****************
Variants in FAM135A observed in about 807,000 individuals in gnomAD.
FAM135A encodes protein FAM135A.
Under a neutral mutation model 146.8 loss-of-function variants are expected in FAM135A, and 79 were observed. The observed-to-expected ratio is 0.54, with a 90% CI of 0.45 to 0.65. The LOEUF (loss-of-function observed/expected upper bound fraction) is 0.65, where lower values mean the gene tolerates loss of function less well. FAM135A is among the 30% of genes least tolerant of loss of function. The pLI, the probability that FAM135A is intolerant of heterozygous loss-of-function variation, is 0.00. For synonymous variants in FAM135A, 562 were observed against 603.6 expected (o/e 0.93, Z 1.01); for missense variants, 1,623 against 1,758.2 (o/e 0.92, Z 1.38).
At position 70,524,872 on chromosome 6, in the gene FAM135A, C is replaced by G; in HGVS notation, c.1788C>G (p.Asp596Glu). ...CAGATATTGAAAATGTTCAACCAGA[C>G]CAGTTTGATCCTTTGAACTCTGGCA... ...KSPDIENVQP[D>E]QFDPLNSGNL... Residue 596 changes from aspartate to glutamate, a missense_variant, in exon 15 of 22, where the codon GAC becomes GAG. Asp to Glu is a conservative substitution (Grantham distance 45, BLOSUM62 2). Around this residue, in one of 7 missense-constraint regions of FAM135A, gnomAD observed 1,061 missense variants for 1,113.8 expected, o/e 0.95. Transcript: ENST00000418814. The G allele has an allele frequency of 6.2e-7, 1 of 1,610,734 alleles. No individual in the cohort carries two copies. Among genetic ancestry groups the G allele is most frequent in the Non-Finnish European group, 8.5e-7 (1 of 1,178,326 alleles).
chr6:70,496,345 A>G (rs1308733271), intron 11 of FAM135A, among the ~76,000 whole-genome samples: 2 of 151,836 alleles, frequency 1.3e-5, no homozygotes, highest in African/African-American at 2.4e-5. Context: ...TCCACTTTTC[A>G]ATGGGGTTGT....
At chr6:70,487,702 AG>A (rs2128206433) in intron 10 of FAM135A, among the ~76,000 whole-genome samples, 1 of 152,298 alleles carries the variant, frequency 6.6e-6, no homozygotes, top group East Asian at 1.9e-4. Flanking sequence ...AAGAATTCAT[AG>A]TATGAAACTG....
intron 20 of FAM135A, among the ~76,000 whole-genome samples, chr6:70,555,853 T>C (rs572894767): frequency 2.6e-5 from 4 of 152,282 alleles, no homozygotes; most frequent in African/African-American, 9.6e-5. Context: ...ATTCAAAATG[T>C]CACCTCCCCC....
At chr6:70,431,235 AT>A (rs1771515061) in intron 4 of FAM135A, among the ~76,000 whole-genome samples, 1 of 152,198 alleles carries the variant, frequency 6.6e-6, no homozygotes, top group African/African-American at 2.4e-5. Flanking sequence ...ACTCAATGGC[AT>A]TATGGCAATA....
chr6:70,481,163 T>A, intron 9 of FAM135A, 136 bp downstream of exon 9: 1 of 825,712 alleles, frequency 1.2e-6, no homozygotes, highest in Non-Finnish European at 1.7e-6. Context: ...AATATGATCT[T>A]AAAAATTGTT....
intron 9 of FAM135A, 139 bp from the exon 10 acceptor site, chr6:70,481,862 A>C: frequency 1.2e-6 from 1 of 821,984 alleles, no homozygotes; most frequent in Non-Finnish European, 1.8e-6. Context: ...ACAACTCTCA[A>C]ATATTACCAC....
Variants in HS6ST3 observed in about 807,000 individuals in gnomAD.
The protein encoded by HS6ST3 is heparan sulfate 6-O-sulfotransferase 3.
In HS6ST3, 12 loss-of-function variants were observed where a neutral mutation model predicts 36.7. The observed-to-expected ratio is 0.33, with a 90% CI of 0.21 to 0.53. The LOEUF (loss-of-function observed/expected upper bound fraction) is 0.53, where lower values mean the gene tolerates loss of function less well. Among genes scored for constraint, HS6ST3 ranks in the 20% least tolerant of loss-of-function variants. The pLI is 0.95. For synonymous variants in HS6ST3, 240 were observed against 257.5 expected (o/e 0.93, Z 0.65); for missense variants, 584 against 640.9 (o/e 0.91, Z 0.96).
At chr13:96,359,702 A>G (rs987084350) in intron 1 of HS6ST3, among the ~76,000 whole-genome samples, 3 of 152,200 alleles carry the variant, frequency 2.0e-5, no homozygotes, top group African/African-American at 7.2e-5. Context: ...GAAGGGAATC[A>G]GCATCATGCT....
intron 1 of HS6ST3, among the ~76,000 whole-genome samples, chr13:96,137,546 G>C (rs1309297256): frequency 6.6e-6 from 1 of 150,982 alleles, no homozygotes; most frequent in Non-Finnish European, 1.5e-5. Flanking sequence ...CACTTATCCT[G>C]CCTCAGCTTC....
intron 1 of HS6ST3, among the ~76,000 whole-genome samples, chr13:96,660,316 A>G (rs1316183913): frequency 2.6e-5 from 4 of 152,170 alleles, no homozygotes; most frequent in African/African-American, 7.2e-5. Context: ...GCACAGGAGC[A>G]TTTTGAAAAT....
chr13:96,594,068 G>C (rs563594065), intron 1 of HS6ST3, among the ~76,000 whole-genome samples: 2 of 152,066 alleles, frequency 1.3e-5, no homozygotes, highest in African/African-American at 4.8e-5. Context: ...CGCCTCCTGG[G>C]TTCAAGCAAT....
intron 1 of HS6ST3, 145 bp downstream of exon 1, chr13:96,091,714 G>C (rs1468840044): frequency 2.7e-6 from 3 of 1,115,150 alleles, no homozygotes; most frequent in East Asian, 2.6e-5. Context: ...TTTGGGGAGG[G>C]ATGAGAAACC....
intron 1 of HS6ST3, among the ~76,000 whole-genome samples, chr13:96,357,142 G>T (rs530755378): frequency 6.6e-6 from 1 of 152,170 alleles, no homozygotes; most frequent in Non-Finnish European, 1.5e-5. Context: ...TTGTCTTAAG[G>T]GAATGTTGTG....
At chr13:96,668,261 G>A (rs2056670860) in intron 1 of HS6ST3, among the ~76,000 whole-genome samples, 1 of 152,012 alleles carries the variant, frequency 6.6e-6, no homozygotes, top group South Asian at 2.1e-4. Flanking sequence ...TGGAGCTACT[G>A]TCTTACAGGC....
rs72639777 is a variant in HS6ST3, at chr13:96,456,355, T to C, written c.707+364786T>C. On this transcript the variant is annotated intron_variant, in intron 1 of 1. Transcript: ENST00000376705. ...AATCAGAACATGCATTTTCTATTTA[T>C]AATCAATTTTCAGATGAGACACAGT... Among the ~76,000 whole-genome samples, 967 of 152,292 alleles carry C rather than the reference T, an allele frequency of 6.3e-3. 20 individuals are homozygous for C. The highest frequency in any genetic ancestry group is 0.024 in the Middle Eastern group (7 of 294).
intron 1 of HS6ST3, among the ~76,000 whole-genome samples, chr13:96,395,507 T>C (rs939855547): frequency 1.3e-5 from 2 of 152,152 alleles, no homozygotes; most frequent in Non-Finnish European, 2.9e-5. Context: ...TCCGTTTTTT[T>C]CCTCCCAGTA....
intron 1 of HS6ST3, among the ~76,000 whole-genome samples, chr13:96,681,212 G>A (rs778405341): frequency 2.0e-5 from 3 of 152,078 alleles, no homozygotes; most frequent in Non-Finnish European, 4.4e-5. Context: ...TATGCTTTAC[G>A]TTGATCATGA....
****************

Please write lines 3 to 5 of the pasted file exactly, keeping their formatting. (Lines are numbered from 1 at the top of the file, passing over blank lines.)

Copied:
Under a neutral mutation model 146.8 loss-of-function variants are expected in FAM135A, and 79 were observed. The observed-to-expected ratio is 0.54, with a 90% CI of 0.45 to 0.65. The LOEUF (loss-of-function observed/expected upper bound fraction) is 0.65, where lower values mean the gene tolerates loss of function less well. FAM135A is among the 30% of genes least tolerant of loss of function. The pLI, the probability that FAM135A is intolerant of heterozygous loss-of-function variation, is 0.00. For synonymous variants in FAM135A, 562 were observed against 603.6 expected (o/e 0.93, Z 1.01); for missense variants, 1,623 against 1,758.2 (o/e 0.92, Z 1.38).
At position 70,524,872 on chromosome 6, in the gene FAM135A, C is replaced by G; in HGVS notation, c.1788C>G (p.Asp596Glu). ...CAGATATTGAAAATGTTCAACCAGA[C>G]CAGTTTGATCCTTTGAACTCTGGCA... ...KSPDIENVQP[D>E]QFDPLNSGNL... Residue 596 changes from aspartate to glutamate, a missense_variant, in exon 15 of 22, where the codon GAC becomes GAG. Asp to Glu is a conservative substitution (Grantham distance 45, BLOSUM62 2). Around this residue, in one of 7 missense-constraint regions of FAM135A, gnomAD observed 1,061 missense variants for 1,113.8 expected, o/e 0.95. Transcript: ENST00000418814. The G allele has an allele frequency of 6.2e-7, 1 of 1,610,734 alleles. No individual in the cohort carries two copies. Among genetic ancestry groups the G allele is most frequent in the Non-Finnish European group, 8.5e-7 (1 of 1,178,326 alleles).
chr6:70,496,345 A>G (rs1308733271), intron 11 of FAM135A, among the ~76,000 whole-genome samples: 2 of 151,836 alleles, frequency 1.3e-5, no homozygotes, highest in African/African-American at 2.4e-5. Context: ...TCCACTTTTC[A>G]ATGGGGTTGT....